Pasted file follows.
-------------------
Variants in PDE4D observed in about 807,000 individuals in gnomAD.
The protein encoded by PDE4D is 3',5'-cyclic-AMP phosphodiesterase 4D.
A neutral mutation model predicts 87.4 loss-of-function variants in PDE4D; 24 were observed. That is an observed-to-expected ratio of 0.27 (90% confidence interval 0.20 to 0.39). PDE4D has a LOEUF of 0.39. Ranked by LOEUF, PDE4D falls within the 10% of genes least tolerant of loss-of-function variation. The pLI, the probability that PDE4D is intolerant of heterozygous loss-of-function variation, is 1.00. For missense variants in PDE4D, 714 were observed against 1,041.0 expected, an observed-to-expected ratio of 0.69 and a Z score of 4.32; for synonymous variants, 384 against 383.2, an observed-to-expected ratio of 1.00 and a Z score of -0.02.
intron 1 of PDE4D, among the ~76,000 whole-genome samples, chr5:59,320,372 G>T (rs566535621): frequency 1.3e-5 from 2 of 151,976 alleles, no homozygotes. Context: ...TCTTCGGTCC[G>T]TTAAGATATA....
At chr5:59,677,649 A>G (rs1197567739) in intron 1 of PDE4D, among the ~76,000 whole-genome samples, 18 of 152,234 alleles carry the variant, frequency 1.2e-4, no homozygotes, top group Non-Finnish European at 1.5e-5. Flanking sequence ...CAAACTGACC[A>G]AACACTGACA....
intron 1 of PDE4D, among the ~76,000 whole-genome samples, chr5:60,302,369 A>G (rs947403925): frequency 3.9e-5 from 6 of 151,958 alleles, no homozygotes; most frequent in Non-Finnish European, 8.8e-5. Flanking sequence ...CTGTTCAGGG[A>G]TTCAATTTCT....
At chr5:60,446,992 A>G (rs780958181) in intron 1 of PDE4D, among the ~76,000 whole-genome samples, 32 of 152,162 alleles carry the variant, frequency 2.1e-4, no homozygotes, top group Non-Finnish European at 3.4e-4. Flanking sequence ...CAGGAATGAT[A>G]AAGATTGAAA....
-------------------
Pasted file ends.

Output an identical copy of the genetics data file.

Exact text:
Variants in PDE4D observed in about 807,000 individuals in gnomAD.
The protein encoded by PDE4D is 3',5'-cyclic-AMP phosphodiesterase 4D.
A neutral mutation model predicts 87.4 loss-of-function variants in PDE4D; 24 were observed. That is an observed-to-expected ratio of 0.27 (90% confidence interval 0.20 to 0.39). PDE4D has a LOEUF of 0.39. Ranked by LOEUF, PDE4D falls within the 10% of genes least tolerant of loss-of-function variation. The pLI, the probability that PDE4D is intolerant of heterozygous loss-of-function variation, is 1.00. For missense variants in PDE4D, 714 were observed against 1,041.0 expected, an observed-to-expected ratio of 0.69 and a Z score of 4.32; for synonymous variants, 384 against 383.2, an observed-to-expected ratio of 1.00 and a Z score of -0.02.
intron 1 of PDE4D, among the ~76,000 whole-genome samples, chr5:59,320,372 G>T (rs566535621): frequency 1.3e-5 from 2 of 151,976 alleles, no homozygotes. Context: ...TCTTCGGTCC[G>T]TTAAGATATA....
At chr5:59,677,649 A>G (rs1197567739) in intron 1 of PDE4D, among the ~76,000 whole-genome samples, 18 of 152,234 alleles carry the variant, frequency 1.2e-4, no homozygotes, top group Non-Finnish European at 1.5e-5. Flanking sequence ...CAAACTGACC[A>G]AACACTGACA....
intron 1 of PDE4D, among the ~76,000 whole-genome samples, chr5:60,302,369 A>G (rs947403925): frequency 3.9e-5 from 6 of 151,958 alleles, no homozygotes; most frequent in Non-Finnish European, 8.8e-5. Flanking sequence ...CTGTTCAGGG[A>G]TTCAATTTCT....
At chr5:60,446,992 A>G (rs780958181) in intron 1 of PDE4D, among the ~76,000 whole-genome samples, 32 of 152,162 alleles carry the variant, frequency 2.1e-4, no homozygotes, top group Non-Finnish European at 3.4e-4. Flanking sequence ...CAGGAATGAT[A>G]AAGATTGAAA....